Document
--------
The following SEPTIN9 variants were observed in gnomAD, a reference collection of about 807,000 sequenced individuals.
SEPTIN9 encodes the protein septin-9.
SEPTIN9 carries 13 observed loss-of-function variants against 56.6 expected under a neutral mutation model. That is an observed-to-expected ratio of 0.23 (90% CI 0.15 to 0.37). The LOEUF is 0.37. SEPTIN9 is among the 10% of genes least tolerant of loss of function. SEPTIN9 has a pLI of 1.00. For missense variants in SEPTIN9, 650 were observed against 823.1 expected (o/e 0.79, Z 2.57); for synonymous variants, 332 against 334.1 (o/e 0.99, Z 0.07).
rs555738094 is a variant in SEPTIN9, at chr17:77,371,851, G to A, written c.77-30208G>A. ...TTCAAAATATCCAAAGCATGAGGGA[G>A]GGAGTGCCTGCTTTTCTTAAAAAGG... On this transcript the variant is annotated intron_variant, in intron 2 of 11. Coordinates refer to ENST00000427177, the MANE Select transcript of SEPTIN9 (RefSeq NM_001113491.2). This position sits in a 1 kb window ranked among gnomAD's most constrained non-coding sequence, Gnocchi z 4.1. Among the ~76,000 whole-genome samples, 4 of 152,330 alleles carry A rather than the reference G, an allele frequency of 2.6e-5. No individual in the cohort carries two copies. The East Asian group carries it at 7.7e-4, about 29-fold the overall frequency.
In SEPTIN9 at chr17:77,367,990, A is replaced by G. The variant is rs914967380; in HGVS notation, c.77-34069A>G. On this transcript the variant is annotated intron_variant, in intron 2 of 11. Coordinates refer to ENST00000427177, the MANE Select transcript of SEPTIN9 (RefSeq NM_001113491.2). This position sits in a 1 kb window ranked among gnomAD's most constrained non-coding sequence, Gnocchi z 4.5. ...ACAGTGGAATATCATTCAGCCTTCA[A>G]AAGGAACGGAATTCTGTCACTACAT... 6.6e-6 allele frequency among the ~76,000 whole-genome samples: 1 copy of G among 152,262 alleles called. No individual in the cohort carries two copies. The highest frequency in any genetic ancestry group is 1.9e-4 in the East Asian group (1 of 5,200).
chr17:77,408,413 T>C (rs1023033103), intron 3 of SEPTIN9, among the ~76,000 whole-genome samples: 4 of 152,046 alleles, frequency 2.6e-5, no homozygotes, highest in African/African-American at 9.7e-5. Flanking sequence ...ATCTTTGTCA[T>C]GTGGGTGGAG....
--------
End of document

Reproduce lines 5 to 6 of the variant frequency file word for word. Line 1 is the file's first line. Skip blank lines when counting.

In SEPTIN9 at chr17:77,367,990, A is replaced by G. The variant is rs914967380; in HGVS notation, c.77-34069A>G. On this transcript the variant is annotated intron_variant, in intron 2 of 11. Coordinates refer to ENST00000427177, the MANE Select transcript of SEPTIN9 (RefSeq NM_001113491.2). This position sits in a 1 kb window ranked among gnomAD's most constrained non-coding sequence, Gnocchi z 4.5. ...ACAGTGGAATATCATTCAGCCTTCA[A>G]AAGGAACGGAATTCTGTCACTACAT... 6.6e-6 allele frequency among the ~76,000 whole-genome samples: 1 copy of G among 152,262 alleles called. No individual in the cohort carries two copies. The highest frequency in any genetic ancestry group is 1.9e-4 in the East Asian group (1 of 5,200).
chr17:77,408,413 T>C (rs1023033103), intron 3 of SEPTIN9, among the ~76,000 whole-genome samples: 4 of 152,046 alleles, frequency 2.6e-5, no homozygotes, highest in African/African-American at 9.7e-5. Flanking sequence ...ATCTTTGTCA[T>C]GTGGGTGGAG....